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There are a lot of practical and small desktop applications that are pretty well known -- Sylpheed for email, gLinks(-Hacked) or Dillo for browser and so on, but there are also several small back-end applications that are less known.
Here are a couple of small applications that only a geek could love.
TinyCC [fabrice.bellard.free.fr], a *tiny* C Compiler
This thing is very cool. It compiles C 8 times faster than gcc, fast enough to allow one to use C as a scripting language -- as in "#!/usr/local/bin/tcc". It is also standards compliant, and produces optimized code ( reportedly 70% the execution time of gcc ).
KDrive Tiny X Server(s) [pps.jussieu.fr]
They were written by Keith Packard, who has recently left the XFree86 team.
There are several examples of these servers, a few of which are accelerated, unfortunately there is only documentation for two of them -- Xfbdev and Xvesa.
On Linux/x86, a KDrive server with RENDER support but without support for scalable fonts compiles into less than 700 KB of text. KDrive tends to avoid large memory allocations at runtime, and tries to perform operations ``on the fly'' whenever possible ...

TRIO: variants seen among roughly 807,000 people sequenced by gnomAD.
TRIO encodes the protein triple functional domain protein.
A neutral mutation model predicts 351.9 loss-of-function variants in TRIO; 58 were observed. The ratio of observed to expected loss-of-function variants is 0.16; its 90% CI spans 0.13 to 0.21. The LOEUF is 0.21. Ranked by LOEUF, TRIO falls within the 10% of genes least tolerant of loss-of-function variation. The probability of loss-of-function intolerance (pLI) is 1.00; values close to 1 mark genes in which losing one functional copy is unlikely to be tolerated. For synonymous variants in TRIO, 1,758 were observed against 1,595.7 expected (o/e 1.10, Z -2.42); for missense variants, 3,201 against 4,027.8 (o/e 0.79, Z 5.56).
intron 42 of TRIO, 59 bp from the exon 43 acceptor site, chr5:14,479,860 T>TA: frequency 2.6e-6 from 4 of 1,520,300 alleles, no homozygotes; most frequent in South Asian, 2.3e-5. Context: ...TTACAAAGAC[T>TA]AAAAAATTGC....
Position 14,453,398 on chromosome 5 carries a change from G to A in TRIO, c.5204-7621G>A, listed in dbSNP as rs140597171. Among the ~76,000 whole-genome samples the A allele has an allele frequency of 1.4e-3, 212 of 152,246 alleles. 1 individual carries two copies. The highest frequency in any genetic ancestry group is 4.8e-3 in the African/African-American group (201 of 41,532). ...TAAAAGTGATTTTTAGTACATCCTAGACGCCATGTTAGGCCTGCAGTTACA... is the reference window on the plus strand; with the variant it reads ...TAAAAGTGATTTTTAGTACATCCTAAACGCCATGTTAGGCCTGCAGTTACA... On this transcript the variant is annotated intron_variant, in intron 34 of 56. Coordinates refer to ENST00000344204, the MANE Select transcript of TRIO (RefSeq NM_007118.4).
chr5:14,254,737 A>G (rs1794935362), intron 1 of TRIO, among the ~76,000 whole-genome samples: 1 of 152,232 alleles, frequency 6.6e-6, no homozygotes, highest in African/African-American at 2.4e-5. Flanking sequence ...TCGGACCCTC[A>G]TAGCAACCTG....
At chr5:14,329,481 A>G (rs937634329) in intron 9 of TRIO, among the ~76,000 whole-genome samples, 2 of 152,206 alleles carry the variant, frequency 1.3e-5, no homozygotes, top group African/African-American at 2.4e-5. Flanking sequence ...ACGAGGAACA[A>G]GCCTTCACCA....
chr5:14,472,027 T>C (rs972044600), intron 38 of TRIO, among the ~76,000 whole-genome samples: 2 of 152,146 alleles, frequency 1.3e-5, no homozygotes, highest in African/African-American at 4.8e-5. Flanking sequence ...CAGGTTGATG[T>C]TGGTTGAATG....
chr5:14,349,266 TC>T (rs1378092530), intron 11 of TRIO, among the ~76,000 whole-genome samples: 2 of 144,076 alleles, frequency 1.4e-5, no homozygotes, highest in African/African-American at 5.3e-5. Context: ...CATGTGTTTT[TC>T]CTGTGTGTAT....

Unlike the usual XFree86 server, a KDrive server is completely self-contained: it does not require any configuration files, and will even function if no on-disk fonts are available. All configuration is done at compile time and through command-line flags.
I use Xvesa in my live CD project (hobby) because of it's ability to be configured on the fly and it's compact size. I am very happy to say that it's also very efficient, it's memory requirements are about 1/5 that of a full size X server.
Just wanted to say that I cut my teeth writing 4k (max) assembler applications for the airline industry and appreciate your "small is cool" philosophy. Does anyone else remember coding for machines that had 16k ram and 20 meg hard drive?
Sorry - I am showing my age...